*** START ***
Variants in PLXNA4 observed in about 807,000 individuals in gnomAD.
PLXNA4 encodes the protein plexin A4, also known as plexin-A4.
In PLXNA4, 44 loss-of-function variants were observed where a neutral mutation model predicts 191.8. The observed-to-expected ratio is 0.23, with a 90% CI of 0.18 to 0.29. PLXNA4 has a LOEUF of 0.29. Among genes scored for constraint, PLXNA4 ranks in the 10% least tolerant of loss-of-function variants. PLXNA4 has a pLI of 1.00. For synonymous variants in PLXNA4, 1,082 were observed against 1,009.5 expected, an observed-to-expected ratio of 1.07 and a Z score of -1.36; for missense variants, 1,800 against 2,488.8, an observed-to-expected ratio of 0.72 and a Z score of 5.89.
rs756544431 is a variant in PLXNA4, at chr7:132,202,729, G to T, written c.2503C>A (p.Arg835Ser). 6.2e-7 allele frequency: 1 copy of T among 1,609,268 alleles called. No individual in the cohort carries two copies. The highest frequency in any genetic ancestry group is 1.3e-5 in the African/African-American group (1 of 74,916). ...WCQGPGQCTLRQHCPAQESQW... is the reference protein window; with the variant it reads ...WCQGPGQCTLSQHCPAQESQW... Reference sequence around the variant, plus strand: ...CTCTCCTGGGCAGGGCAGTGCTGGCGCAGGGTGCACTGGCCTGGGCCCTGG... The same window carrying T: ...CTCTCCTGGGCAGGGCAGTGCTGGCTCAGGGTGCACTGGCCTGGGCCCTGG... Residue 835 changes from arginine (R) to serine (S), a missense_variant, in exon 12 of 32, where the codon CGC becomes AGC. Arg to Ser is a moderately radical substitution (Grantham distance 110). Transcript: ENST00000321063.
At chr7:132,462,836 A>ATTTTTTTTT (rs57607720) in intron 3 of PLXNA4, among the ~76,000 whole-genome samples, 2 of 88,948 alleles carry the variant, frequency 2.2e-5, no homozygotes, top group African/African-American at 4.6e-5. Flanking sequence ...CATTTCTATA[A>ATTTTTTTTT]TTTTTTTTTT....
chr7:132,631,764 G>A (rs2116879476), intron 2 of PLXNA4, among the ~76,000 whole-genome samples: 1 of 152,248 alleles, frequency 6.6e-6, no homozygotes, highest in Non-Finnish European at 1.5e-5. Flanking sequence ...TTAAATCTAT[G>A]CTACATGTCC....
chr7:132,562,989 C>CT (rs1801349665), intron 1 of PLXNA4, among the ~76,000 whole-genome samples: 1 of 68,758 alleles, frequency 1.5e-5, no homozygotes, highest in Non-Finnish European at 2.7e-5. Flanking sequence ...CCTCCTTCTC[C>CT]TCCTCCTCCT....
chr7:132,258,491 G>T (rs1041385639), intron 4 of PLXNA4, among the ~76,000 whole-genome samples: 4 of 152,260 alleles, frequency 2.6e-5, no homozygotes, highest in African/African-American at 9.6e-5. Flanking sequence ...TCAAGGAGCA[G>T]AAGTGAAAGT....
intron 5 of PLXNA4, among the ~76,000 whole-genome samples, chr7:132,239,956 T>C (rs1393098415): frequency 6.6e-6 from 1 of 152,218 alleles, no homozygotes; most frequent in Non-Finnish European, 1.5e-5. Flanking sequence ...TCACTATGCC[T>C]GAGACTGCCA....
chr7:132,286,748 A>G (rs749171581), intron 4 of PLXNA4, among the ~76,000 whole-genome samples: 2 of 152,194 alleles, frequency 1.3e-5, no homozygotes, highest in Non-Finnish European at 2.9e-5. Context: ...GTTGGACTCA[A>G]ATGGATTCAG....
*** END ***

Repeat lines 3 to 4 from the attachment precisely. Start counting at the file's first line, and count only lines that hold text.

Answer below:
In PLXNA4, 44 loss-of-function variants were observed where a neutral mutation model predicts 191.8. The observed-to-expected ratio is 0.23, with a 90% CI of 0.18 to 0.29. PLXNA4 has a LOEUF of 0.29. Among genes scored for constraint, PLXNA4 ranks in the 10% least tolerant of loss-of-function variants. PLXNA4 has a pLI of 1.00. For synonymous variants in PLXNA4, 1,082 were observed against 1,009.5 expected, an observed-to-expected ratio of 1.07 and a Z score of -1.36; for missense variants, 1,800 against 2,488.8, an observed-to-expected ratio of 0.72 and a Z score of 5.89.
rs756544431 is a variant in PLXNA4, at chr7:132,202,729, G to T, written c.2503C>A (p.Arg835Ser). 6.2e-7 allele frequency: 1 copy of T among 1,609,268 alleles called. No individual in the cohort carries two copies. The highest frequency in any genetic ancestry group is 1.3e-5 in the African/African-American group (1 of 74,916). ...WCQGPGQCTLRQHCPAQESQW... is the reference protein window; with the variant it reads ...WCQGPGQCTLSQHCPAQESQW... Reference sequence around the variant, plus strand: ...CTCTCCTGGGCAGGGCAGTGCTGGCGCAGGGTGCACTGGCCTGGGCCCTGG... The same window carrying T: ...CTCTCCTGGGCAGGGCAGTGCTGGCTCAGGGTGCACTGGCCTGGGCCCTGG... Residue 835 changes from arginine (R) to serine (S), a missense_variant, in exon 12 of 32, where the codon CGC becomes AGC. Arg to Ser is a moderately radical substitution (Grantham distance 110). Transcript: ENST00000321063.